Grad finds her niche in informatics

Co-op, Human and Social Development

- Kate Hildebrandt

Wright. Photo: Malia Moore.

Michelle Wright’s decision to enrol in Health Information Science (HINF) was influenced by three key factors: word-of-mouth, the internet and personal satisfaction.

Born and raised a stone’s throw from campus, she spoke with a few friends who had graduated from the program. One close friend told her about the strong rate of hire for HINF graduates and the ability to make an impact in the health care field through technology, adding, “I know you love math, which means you’ll love informatics.”

Wright was intrigued.

She then did some online research on careers for graduates and on the HINF faculty. She was impressed on both counts. “Good teachers make all the difference in my ability to learn,” she says.

She also rated her own career needs; business, people and management attracted her most. While nursing was appealing, she wasn’t sure she’d withstand the emotional pressures.

So, she decided to give HINF a try for one year. When that year was up, she still wasn’t convinced informatics was the right fit. All that changed after she completed her first co-op work experience supporting a high-tech joint overhaul of the billings and accounts receivable records system for Vancouver Coastal Health and Providence Health Care.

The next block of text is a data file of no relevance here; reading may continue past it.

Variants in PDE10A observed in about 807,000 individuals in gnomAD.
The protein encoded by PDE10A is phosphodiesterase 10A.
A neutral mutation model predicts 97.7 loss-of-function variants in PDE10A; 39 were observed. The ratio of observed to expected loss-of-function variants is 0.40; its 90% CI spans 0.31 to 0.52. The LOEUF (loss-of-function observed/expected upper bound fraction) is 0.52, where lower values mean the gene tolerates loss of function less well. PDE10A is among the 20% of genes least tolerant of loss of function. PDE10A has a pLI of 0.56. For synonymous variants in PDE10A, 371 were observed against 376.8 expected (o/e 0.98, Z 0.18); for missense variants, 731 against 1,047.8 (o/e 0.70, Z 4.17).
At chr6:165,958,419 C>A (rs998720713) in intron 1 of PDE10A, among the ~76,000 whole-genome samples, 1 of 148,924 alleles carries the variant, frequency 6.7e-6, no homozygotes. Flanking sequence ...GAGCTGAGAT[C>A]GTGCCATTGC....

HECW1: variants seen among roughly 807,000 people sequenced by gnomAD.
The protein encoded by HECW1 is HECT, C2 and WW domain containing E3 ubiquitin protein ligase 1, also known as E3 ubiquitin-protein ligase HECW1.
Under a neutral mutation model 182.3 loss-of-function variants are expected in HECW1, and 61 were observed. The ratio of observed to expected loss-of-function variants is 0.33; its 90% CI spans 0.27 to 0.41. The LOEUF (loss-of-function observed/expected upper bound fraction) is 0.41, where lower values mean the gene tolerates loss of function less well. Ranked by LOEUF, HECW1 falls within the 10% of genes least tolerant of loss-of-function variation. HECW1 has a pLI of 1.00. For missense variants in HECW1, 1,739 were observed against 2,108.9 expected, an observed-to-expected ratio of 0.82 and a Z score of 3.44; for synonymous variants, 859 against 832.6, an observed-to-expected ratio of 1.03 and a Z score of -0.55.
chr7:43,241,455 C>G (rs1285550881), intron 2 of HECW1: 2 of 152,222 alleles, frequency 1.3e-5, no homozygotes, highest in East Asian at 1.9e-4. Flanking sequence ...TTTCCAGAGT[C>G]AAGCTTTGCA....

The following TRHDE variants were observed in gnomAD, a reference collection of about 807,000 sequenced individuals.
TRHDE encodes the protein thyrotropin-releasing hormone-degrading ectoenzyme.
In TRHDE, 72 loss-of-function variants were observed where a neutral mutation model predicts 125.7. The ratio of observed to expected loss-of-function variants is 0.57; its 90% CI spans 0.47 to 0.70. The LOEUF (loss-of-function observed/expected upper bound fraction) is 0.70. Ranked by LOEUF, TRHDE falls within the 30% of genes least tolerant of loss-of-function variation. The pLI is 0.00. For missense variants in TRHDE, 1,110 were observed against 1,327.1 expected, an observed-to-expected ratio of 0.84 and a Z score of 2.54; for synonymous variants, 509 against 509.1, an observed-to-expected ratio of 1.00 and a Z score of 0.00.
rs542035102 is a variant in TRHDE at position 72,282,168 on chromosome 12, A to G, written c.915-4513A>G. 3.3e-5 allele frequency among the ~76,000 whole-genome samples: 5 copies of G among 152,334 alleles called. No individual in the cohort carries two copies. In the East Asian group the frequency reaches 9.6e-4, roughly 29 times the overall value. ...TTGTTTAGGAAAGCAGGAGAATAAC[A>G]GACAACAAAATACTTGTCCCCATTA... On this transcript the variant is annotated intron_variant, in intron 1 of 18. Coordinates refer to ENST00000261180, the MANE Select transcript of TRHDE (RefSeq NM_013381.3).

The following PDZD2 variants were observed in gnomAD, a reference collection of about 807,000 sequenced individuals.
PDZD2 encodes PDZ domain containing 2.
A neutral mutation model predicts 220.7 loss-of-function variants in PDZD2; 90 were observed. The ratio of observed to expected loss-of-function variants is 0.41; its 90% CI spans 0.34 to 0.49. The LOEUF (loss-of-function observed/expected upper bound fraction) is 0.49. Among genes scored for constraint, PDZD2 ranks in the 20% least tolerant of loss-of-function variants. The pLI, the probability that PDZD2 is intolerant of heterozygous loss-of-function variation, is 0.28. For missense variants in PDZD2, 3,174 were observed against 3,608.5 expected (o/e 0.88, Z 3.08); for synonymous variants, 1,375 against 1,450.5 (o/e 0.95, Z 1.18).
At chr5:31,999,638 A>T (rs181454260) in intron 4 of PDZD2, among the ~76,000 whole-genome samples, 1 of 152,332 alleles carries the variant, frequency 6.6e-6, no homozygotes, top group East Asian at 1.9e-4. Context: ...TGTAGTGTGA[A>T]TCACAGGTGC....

“I loved it,” says Wright. “I felt really comfortable there.” Manager Theresa Volk, also a HINF grad, helped her grapple with project specifics and mentored Wright. “Everything turned around in those four months,” she says. “That co-op cemented my desire to stick with it.”

Wright returned to HINF determined to complete and graduates this month—a success story she shares with HINF co-op coordinator, Dave Hutchinson.

“She’s brilliant,” says Hutchinson, noting Wright was the school’s Coop Student of the Year in 2016. “And I mean that in every respect, not just as a student. She’ll really go places.”

Wright is currently completing a seven-month contract as an analyst (employed before graduation, earning a competitive wage) with Island Health’s Home Health Monitoring Program, a free service that enables people with heart failure or COPD (chronic obstructive pulmonary disease) to manage their condition from home.

When that contract is over, more choices await. Employers are calling. There’s the master’s in health information science, which she wants to pursue. Yet she dreams of taking a break and travelling, having been with HINF for four years fresh out of high school.

“There are too many opportunities,” she says, smiling, as if to say that’s the best problem to have when you’re 22 years old.


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Keywords: convocation, graduation, student life, alumni, health, health information science, co-op

People: Michelle Wright

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